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A series where we take a #lookback at the stories and history of our community, brought to you by Mick Pryor, Financial Advisor with Edward Jones.

In early October of 1921 a buzz began to circulate around Riverton as the Fremont County Natural Gas Company and Hope Engineering Company worked together to bring natural gas piping from Sand Draw to Riverton. The hope was that bringing in this new enterprise to Riverton would also draw in other new and exciting business ventures to the town. With that in mind the Riverton City Council, as well as the Riverton Chamber of Commerce, worked together to form a committee that would be appointed with the sole purpose of creating an event around the arrival of natural gas in Riverton. So on November 19th, 1921 Riverton celebrated the first time natural gas lighting was used to light their main street and main street businesses. This photo, facing east, shows the intersection of Broadway and Main lit up for the first time.

This party promised to be “an affair of success, both indoors and out-of-doors.” Both sides of Main Street, from the intersection of Main and Broadway all the way up to the Depot, were lined with gas-fed pipes that were temporarily buried 6 inches underground. The pipes fed gas to signs that were hung over the Depot and the office for Fremont Natural Gas (located somewhere in the 400 block of east Main) and 8 flaring gas torches were put up on each side of Main Street, from Second street all the way up to Broadway. Finally, a large torch light extended out from the flag pole that was in the center of the intersection.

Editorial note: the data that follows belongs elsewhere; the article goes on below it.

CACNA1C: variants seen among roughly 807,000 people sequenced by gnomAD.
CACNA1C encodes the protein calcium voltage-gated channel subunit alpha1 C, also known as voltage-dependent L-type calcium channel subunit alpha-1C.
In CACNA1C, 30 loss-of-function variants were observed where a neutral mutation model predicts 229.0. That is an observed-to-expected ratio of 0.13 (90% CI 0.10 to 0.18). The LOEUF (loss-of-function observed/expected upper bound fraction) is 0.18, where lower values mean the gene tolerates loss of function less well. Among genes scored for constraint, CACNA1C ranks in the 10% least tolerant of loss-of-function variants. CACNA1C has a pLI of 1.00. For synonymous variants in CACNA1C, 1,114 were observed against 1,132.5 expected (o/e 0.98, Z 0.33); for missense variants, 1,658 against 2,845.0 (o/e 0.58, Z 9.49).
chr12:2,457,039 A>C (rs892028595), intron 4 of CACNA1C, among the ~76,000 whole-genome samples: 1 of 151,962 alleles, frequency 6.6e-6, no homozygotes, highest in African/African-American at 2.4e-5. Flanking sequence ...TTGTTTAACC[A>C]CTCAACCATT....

There were already electric lights up throughout parts of the city, but the main streets and business portion of the city had never been light up with gas lighting like this before. The majority of the celebration was carried out as soon as the sun started to set, with folks strolling down Main Street and some of the businesses staying open late. It ended in a big free dance in the Masonic Temple with a free lunch.

Photographs were taken by E. Pinard who had to wait until well after midnight for the streets to clean out in order to have full exposure time for his images. The crowds were so excited that they threw confetti into the air and danced from 9 o’clock at night to well into the early morning hours. Despite the fact that by all accounts the night of the event was incredibly cold, dropping to somewhere around 20 degrees, the event was still well attended and excitement buzzed around Riverton for weeks after.

Next up for the Fremont County Museums

April 14th, 2pm at the Riverton Museum, “Rabbit Hide Painting”

McDonald’s Children’s Exploration Series

April 19th, 7:00pm at the Pioneer Museum, “150 Year Anniversary of Atlantic City” by

Bob Townsend

Wyoming Community Bank Discovery Speakers Series

April 21st, 1-3pm at the Pioneer Museum, “Sheep Shearing Day”

McDonald’s Children’s Exploration Program

The Dubois Museum, the Pioneer Museum in Lander and the Riverton Museum rely heavily on the financial support of individuals to provide the quality programs, collections management, exhibits and services that have become their hallmark over the last four years. Consider making your donation to ensure that the amazing work we have begun can continue to build a valuable resource we can all be proud of. Please make your tax deductible contribution to be used specifically for the benefit of the museum of your choosing by sending a check to Fremont County Museums 450 N 2nd Rm 320 or taking it directly to the museum you choose to support.